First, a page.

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Inflammatory bowel diseases

Novel Rho/MRTF/SRF inhibitors block matrix-stiffness and TGF-β-induced fibrogenesis in human colonic myofibroblasts.


PMID 24280883

Abstract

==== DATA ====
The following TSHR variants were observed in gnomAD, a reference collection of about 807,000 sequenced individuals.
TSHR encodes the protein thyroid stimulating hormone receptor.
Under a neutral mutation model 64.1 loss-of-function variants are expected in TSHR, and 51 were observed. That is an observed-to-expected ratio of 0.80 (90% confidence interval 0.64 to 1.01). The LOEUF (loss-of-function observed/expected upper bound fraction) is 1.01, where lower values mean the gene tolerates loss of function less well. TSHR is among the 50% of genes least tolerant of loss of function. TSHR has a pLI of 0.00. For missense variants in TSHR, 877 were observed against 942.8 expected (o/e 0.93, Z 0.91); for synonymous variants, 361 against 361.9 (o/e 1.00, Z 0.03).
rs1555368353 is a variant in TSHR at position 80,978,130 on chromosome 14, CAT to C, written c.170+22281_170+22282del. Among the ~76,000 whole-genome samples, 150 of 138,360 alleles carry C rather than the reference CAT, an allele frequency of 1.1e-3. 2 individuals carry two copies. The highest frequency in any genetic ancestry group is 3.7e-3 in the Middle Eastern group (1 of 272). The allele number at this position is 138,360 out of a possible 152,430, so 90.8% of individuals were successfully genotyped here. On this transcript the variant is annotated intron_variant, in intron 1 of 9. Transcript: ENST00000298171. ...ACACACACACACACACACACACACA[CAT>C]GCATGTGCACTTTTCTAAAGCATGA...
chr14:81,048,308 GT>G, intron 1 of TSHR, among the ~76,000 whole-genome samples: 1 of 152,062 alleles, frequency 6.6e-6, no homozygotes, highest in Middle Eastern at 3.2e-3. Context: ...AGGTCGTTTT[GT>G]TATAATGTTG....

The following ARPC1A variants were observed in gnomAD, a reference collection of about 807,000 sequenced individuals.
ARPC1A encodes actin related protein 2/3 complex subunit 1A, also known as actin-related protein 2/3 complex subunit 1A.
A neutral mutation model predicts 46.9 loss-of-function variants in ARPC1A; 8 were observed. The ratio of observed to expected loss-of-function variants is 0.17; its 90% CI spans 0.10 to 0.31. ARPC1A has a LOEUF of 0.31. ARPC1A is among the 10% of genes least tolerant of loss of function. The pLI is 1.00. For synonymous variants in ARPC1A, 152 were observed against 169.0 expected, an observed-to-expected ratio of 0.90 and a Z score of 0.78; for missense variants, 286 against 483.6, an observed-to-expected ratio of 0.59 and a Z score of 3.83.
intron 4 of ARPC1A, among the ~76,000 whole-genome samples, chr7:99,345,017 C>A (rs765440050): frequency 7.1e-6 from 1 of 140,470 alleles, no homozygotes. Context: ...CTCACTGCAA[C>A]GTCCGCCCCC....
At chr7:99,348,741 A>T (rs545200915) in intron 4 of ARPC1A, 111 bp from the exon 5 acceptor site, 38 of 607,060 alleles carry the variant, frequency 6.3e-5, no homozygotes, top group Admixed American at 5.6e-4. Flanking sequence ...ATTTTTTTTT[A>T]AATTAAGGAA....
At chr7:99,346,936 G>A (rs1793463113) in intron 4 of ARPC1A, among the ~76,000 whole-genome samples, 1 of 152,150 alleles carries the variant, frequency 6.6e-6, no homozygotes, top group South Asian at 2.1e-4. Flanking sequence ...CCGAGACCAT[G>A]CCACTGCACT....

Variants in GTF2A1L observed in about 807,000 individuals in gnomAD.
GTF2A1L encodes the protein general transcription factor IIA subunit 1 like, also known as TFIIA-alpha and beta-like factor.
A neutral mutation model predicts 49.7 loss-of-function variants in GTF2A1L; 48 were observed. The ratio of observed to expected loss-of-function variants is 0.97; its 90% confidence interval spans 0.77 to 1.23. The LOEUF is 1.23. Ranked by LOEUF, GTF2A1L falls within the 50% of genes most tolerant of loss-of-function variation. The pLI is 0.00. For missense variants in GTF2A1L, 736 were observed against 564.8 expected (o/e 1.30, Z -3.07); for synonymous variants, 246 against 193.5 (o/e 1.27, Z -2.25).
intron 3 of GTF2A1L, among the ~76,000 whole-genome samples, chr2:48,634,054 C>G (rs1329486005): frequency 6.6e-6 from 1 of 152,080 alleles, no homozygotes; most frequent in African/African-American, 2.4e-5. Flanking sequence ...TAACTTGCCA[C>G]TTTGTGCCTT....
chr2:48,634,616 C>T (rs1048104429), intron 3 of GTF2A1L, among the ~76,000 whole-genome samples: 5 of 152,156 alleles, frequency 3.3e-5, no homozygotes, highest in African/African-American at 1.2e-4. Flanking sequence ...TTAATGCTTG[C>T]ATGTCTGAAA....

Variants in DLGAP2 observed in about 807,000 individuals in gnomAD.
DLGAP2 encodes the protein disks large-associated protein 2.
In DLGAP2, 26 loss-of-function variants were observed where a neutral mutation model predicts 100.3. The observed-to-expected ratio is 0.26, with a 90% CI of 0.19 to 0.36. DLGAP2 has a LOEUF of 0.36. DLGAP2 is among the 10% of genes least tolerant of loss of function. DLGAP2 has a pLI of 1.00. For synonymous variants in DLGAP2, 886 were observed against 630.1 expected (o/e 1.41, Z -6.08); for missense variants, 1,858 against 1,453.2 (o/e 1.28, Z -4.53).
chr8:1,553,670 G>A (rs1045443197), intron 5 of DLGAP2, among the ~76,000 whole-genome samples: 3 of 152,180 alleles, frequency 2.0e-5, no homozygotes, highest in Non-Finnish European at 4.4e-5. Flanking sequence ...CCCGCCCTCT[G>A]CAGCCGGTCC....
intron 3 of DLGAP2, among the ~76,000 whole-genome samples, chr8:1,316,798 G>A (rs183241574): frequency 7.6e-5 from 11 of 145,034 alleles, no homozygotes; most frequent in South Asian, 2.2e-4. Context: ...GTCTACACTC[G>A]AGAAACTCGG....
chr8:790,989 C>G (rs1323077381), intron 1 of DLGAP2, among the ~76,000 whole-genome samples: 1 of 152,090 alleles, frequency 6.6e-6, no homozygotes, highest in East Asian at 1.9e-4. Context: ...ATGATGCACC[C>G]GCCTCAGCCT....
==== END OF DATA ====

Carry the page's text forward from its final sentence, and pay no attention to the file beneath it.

Ras homolog gene family, member A (RhoA)/Rho-associated coiled-coil forming protein kinase signaling is a key pathway in multiple types of solid organ fibrosis, including intestinal fibrosis. However, the pleiotropic effects of RhoA/Rho-associated coiled-coil forming protein kinase signaling have frustrated targeted drug discovery efforts. Recent recognition of the role of Rho-regulated gene transcription by serum response factor (SRF) and its transcriptional cofactor myocardin-related transcription factor A (MRTF-A) suggest a novel locus for pharmacological intervention. Because RhoA signaling is mediated by both physical and biochemical stimuli, we examined whether pharmacological inhibition of RhoA or the downstream transcription pathway of MRTF-A/SRF could block intestinal fibrogenesis in 2 in vitro models. In this study, we demonstrate that inhibition of RhoA signaling blocks both matrix-stiffness and transforming growth factor beta-induced fibrogenesis in human colonic myofibroblasts. Repression of alpha-smooth muscle actin and collagen expression was associated with the inhibition of MRTF-A nuclear localization. CCG-1423, a first-generation Rho/MRTF/SRF pathway inhibitor, repressed fibrogenesis in both models, yet has unacceptable cytotoxicity. Novel second-generation inhibitors (CCG-100602 and CCG-203971) repressed both matrix-stiffness and transforming growth factor beta-mediated fibrogenesis as determined by protein and gene expression in a dose-dependent manner. Targeting the Rho/MRTF/SRF mechanism with second-generation Rho/MRTF/SRF inhibitors may represent a novel approach to antifibrotic therapeutics.

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